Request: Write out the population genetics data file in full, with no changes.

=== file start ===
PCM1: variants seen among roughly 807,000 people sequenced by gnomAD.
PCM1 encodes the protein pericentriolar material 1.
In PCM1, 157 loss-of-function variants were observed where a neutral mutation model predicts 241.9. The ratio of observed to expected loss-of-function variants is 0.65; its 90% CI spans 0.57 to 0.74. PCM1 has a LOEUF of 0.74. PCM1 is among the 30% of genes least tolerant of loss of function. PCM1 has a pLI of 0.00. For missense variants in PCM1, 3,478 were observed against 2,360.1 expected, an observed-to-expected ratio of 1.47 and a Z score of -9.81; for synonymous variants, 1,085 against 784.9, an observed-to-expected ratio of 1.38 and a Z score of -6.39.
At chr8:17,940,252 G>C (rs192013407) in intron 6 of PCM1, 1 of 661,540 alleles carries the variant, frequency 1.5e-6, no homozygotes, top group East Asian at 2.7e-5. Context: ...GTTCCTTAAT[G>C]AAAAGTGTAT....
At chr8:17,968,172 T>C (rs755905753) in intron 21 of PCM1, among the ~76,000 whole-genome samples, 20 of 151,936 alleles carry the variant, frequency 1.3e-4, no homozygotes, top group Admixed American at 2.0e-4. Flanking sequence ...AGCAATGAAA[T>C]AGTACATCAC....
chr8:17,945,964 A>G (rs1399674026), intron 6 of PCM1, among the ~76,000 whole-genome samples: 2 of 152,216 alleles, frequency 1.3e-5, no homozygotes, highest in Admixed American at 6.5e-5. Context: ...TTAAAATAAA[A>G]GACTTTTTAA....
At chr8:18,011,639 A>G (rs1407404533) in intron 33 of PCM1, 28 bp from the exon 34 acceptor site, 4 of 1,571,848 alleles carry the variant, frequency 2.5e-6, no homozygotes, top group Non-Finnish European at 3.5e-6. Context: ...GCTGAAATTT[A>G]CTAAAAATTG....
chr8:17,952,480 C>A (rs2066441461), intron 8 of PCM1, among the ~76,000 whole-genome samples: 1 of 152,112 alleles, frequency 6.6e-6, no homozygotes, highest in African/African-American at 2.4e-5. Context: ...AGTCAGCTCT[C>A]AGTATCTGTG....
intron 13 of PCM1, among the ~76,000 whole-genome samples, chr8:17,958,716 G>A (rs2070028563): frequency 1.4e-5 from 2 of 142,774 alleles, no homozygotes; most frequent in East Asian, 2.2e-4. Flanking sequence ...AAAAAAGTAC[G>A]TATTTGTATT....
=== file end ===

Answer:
PCM1: variants seen among roughly 807,000 people sequenced by gnomAD.
PCM1 encodes the protein pericentriolar material 1.
In PCM1, 157 loss-of-function variants were observed where a neutral mutation model predicts 241.9. The ratio of observed to expected loss-of-function variants is 0.65; its 90% CI spans 0.57 to 0.74. PCM1 has a LOEUF of 0.74. PCM1 is among the 30% of genes least tolerant of loss of function. PCM1 has a pLI of 0.00. For missense variants in PCM1, 3,478 were observed against 2,360.1 expected, an observed-to-expected ratio of 1.47 and a Z score of -9.81; for synonymous variants, 1,085 against 784.9, an observed-to-expected ratio of 1.38 and a Z score of -6.39.
At chr8:17,940,252 G>C (rs192013407) in intron 6 of PCM1, 1 of 661,540 alleles carries the variant, frequency 1.5e-6, no homozygotes, top group East Asian at 2.7e-5. Context: ...GTTCCTTAAT[G>C]AAAAGTGTAT....
At chr8:17,968,172 T>C (rs755905753) in intron 21 of PCM1, among the ~76,000 whole-genome samples, 20 of 151,936 alleles carry the variant, frequency 1.3e-4, no homozygotes, top group Admixed American at 2.0e-4. Flanking sequence ...AGCAATGAAA[T>C]AGTACATCAC....
chr8:17,945,964 A>G (rs1399674026), intron 6 of PCM1, among the ~76,000 whole-genome samples: 2 of 152,216 alleles, frequency 1.3e-5, no homozygotes, highest in Admixed American at 6.5e-5. Context: ...TTAAAATAAA[A>G]GACTTTTTAA....
At chr8:18,011,639 A>G (rs1407404533) in intron 33 of PCM1, 28 bp from the exon 34 acceptor site, 4 of 1,571,848 alleles carry the variant, frequency 2.5e-6, no homozygotes, top group Non-Finnish European at 3.5e-6. Context: ...GCTGAAATTT[A>G]CTAAAAATTG....
chr8:17,952,480 C>A (rs2066441461), intron 8 of PCM1, among the ~76,000 whole-genome samples: 1 of 152,112 alleles, frequency 6.6e-6, no homozygotes, highest in African/African-American at 2.4e-5. Context: ...AGTCAGCTCT[C>A]AGTATCTGTG....
intron 13 of PCM1, among the ~76,000 whole-genome samples, chr8:17,958,716 G>A (rs2070028563): frequency 1.4e-5 from 2 of 142,774 alleles, no homozygotes; most frequent in East Asian, 2.2e-4. Flanking sequence ...AAAAAAGTAC[G>A]TATTTGTATT....